A number of studies done in Asian, African and Latin American countries show that reintegration of ex-child soldiers face similar challenges. In some countries the conflicts still prevail and liberated child solders still have impending threats such as recapture by the rebels, persecution by the authorities and attempts to harm them by the members of their community for past atrocities.

The Coordinators of Save the Children, Gulu Uganda, found that three months after the rescue of 300 ex-child soldiers in 2004-2005, none were found residing in the community in which they were supposed to have been reintegrated. It should be stressed that it is those responsible for the recruitment, training and deployment of child soldiers who should be charged as war criminals, not the child soldiers themselves who surrender or are captured. They should not be treated as criminals or juvenile delinquents, but offered appropriate psychological, socio-economic and educational opportunities for rehabilitation. Successful reintegration of child soldiers into society had been reported in many countries around the world.

Angola's demobilization exercise, which lasted from 1995 to 1997, was one of the most extensive in the history of the United Nations. It was perhaps the first time that children were specifically included in a peace process. While not explicit in the 1994 Lusaka Protocol, their demobilization and reintegration was declared a priority in the first resolution adopted by the commission set up to implement the peace agreement. Partnerships among local civil society networks made it possible for many children to return to their homes.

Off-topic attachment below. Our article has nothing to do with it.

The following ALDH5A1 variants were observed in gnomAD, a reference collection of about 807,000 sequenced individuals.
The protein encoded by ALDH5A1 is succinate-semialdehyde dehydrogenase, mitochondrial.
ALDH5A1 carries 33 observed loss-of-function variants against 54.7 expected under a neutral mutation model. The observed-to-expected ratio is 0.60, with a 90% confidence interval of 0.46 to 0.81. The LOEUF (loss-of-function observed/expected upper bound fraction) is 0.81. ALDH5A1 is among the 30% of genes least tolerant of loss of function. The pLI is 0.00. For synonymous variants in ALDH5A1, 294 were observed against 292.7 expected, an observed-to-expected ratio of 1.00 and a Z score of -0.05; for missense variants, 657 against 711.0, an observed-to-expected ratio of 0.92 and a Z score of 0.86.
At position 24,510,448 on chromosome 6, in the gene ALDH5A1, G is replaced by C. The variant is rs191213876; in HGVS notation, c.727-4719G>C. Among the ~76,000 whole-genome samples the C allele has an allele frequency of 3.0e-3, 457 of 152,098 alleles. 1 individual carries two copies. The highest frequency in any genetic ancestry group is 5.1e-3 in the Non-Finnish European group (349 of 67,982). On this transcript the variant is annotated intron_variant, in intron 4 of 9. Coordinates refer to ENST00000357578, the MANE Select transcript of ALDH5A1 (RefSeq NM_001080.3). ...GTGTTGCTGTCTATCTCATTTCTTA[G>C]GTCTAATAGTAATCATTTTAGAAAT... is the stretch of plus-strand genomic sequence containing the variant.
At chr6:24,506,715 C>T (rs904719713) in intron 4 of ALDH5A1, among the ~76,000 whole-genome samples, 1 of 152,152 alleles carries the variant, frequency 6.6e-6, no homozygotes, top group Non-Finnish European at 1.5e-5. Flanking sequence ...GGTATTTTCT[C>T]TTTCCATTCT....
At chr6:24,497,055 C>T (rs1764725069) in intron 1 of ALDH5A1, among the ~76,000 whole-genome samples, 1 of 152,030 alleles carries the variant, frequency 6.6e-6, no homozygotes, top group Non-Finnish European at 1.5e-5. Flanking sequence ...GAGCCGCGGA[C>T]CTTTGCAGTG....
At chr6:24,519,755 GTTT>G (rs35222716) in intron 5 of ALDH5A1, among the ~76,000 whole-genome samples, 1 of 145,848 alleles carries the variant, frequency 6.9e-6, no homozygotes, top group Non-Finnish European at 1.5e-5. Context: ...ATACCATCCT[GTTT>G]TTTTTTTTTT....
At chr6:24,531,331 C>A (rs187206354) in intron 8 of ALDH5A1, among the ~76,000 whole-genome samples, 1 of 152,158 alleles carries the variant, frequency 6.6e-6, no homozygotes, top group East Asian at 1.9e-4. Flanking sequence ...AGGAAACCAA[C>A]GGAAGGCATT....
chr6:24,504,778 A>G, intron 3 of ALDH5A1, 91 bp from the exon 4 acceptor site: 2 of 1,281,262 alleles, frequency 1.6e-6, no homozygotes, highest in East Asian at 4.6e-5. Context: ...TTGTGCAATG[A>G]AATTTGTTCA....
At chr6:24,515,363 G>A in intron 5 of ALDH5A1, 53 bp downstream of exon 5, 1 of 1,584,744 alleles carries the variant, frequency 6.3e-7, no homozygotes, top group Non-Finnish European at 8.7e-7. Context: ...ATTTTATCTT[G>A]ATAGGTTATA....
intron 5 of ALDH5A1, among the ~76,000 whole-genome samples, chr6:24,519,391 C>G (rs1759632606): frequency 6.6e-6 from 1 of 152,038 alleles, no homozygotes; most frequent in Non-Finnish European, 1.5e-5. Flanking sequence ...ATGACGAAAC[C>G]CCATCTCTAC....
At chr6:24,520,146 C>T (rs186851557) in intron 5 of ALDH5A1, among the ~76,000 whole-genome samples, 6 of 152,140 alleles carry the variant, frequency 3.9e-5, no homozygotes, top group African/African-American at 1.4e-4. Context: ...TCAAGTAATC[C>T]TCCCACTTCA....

One longitudinal study documented that post-conflict experiences such as family support and economic opportunity played a role in the mental health of 39 Mozambican males re-interviewed 16 years after reintegration. Post conflict rehabilitation is crucial to the ex- child combatants. The society should be empathetic and create a healthy environment to these traumatized children to recuperate and reintegrate into society as productive members. The researcher Betancourt is of the view that former child soldiers' acute war experiences have long-term consequences, but the nature and extent of these consequences are influenced by post-conflict risk and protective factors.

Many experts have highlighted that reintegration of child soldiers should emphasize three components: family reunification, psychosocial support and education, and economic opportunity.

Courtesy: The Island